According to the Eurobarometer, animal welfare is important to most Europeans.

Protecting animal welfare is “essential” for more than eight in ten Europeans, a Eurobarometer survey shows.

84% of Europeans believe that farm animal welfare must be protected in their own country are better than now, and the same number (83%) support limiting the time for transporting animals.

In the case of Spain, the figures are similar to the EU average, as 80% of those surveyed think farm animals should be protected “better”, 83% think they should limit the time of movement of live animalsand 74% also believe that pets should be protected more, according to a note from

More than 90% of Europeans believe that farming and breeding methods should be consistent with “basic ethical requirements” such as providing the animals with sufficient space, food and water, an environment adapted to their needs (dirt, straw, etc.), and ensuring “proper management.” (Read in With livestock context: Animal protection, animal husbandry’s best ally)

The Eurobarometer also showed high levels of concern about animal welfare in slaughterhousesas three-quarters of respondents consider the practice of killing male chicks after birth to be “unacceptable.”

For their part, in Spain, 87% of respondents showed high concern for animals in slaughterhouses, which is only one point different from the EU average of 88%.

Concerning food imports 84% of Europeans from non-EU countries believe that the current situation with animals “must change” either by applying EU animal welfare standards to food imports or by labeling food products according to applicable standards. (Read in With livestock context: 7 important aspects of animal protection)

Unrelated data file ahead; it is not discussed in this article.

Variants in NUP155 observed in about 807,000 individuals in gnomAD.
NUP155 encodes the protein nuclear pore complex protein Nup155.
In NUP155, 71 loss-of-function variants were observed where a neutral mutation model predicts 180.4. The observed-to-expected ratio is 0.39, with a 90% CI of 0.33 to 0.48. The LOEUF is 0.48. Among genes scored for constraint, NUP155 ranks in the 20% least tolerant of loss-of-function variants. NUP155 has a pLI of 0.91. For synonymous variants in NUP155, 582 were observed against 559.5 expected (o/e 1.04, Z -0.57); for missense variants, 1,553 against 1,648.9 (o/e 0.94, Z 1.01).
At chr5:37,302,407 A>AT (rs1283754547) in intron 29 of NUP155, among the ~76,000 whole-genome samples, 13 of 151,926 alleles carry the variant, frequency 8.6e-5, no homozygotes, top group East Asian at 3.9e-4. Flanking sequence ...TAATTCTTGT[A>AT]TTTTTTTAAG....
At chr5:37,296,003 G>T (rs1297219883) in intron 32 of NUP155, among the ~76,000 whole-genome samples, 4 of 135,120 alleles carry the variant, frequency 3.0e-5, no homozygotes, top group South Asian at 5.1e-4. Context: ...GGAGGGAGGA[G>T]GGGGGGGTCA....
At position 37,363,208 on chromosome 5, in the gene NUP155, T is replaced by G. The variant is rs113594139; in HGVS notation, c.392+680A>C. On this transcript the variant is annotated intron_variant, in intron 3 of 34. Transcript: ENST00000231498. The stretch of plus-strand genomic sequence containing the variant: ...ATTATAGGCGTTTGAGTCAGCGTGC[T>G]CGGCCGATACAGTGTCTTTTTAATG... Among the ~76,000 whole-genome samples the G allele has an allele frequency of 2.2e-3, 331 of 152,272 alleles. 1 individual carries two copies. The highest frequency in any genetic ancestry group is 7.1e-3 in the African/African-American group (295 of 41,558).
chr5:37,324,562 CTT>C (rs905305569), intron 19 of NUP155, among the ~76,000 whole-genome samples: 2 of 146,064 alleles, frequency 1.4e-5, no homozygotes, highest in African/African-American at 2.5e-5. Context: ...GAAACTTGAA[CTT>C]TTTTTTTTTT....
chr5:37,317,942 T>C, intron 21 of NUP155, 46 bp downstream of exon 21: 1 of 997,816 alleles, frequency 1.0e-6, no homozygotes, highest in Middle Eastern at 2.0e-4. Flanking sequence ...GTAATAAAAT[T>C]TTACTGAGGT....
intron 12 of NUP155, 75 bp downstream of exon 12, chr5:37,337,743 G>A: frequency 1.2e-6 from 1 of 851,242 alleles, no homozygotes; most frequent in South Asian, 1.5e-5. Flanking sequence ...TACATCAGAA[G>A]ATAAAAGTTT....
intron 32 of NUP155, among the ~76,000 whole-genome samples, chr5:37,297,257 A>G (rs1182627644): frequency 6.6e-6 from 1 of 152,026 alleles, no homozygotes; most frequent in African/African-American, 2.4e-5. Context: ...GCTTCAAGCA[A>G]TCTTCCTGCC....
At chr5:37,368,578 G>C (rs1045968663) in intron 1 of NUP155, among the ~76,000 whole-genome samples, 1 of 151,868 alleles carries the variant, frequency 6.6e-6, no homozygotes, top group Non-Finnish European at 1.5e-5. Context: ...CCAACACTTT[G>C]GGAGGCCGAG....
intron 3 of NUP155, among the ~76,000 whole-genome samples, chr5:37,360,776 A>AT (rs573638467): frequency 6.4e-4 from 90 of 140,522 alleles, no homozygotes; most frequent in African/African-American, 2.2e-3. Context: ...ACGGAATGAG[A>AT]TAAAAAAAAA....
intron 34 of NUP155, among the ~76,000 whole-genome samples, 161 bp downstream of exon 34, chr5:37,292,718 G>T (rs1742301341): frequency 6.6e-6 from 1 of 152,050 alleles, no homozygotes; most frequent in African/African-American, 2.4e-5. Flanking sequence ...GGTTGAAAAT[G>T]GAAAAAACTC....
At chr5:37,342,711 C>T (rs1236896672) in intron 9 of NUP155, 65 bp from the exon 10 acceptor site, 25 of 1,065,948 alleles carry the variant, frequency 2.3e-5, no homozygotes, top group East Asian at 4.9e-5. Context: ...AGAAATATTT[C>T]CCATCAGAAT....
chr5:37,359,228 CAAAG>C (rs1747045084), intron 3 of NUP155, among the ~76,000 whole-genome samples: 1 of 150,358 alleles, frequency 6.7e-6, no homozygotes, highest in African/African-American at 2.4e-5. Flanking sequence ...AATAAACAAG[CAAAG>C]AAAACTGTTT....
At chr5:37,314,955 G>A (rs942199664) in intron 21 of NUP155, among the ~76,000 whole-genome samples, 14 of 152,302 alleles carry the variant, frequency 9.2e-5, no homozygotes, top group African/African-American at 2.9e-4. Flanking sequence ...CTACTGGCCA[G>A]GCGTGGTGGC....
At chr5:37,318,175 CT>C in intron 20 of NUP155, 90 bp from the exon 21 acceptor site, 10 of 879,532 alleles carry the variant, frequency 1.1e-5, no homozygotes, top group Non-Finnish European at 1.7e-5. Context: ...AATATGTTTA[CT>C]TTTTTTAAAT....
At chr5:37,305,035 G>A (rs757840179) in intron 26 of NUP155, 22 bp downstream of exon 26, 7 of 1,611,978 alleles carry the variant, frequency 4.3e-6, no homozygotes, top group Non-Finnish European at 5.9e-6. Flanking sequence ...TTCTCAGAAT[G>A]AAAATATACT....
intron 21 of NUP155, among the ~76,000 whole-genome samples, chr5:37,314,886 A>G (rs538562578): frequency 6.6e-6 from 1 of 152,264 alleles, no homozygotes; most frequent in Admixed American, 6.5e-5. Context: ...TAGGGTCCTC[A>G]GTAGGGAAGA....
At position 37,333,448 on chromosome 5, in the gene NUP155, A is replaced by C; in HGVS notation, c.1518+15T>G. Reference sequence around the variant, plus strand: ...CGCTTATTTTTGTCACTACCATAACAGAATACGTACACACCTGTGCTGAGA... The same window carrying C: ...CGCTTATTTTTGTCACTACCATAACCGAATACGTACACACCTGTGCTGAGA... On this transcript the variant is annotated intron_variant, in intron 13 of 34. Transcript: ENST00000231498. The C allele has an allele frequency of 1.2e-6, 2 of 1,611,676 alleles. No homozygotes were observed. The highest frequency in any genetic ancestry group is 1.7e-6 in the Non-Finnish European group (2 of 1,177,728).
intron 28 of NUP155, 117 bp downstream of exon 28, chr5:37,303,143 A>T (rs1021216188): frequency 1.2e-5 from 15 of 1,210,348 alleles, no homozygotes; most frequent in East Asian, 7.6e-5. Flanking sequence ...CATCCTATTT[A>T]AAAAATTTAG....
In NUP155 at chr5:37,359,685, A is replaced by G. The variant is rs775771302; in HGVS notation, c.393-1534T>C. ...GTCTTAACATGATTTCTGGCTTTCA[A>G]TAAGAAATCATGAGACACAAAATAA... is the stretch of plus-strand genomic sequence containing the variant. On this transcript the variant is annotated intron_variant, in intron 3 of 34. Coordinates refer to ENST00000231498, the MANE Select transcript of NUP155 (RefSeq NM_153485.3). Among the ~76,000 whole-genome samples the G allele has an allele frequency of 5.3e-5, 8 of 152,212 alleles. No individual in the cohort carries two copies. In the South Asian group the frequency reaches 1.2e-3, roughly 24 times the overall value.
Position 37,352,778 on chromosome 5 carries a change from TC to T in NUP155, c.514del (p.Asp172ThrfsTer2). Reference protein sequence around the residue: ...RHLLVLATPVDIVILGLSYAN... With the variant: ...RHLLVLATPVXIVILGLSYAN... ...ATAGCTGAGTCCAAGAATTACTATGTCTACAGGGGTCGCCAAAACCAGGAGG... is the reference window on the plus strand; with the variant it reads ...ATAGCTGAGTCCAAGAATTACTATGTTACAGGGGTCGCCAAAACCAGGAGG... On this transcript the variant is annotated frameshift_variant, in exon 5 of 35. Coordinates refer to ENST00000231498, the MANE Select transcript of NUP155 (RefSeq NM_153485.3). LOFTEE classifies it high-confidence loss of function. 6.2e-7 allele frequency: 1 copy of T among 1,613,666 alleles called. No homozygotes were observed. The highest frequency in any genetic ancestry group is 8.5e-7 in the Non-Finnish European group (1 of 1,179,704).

60% of respondents indicated that they would ready to pay more for products from animal-friendly agricultural systems.

New legislation

On December 7, the European Commission (EC) proposed a new law improve conditions for transporting animals in the European Union and represents the largest European animal welfare reform in two decades and will affect the 1.6 million animals that are transported into the EU each year.

In the area of ​​animal transport, Brussels is paying particular attention to tightening the conditions under which the movement of animals can take place. temperature, duration of trip or vehicle condition, criteria that will also depend on the species being transmitted and will be adapted for unweaned calves, pregnant females and hens at the end of their production cycle. (Read in With livestock context: Follow best practices for transporting livestock in Colombia)

As a rule, transport is only possible at night if the temperature exceeds 30°C; When the temperature drops below 0°C, vehicles will have to be covered and there will be air circulation control in the compartment in which animals travel. If the temperature drops below -5°C, the trip cannot last more than nine hours.

These standards, which will apply to pigs, cows, goats, sheep, chickens, rabbits and horses, also stipulate that for most animals trips last a maximum of 21 hours with at least one hour of rest after ten o’clock; After this period, the animals must be allowed to rest for 24 hours outside the vehicle with water and food. For animals destined for slaughter, the maximum travel time is nine hours.

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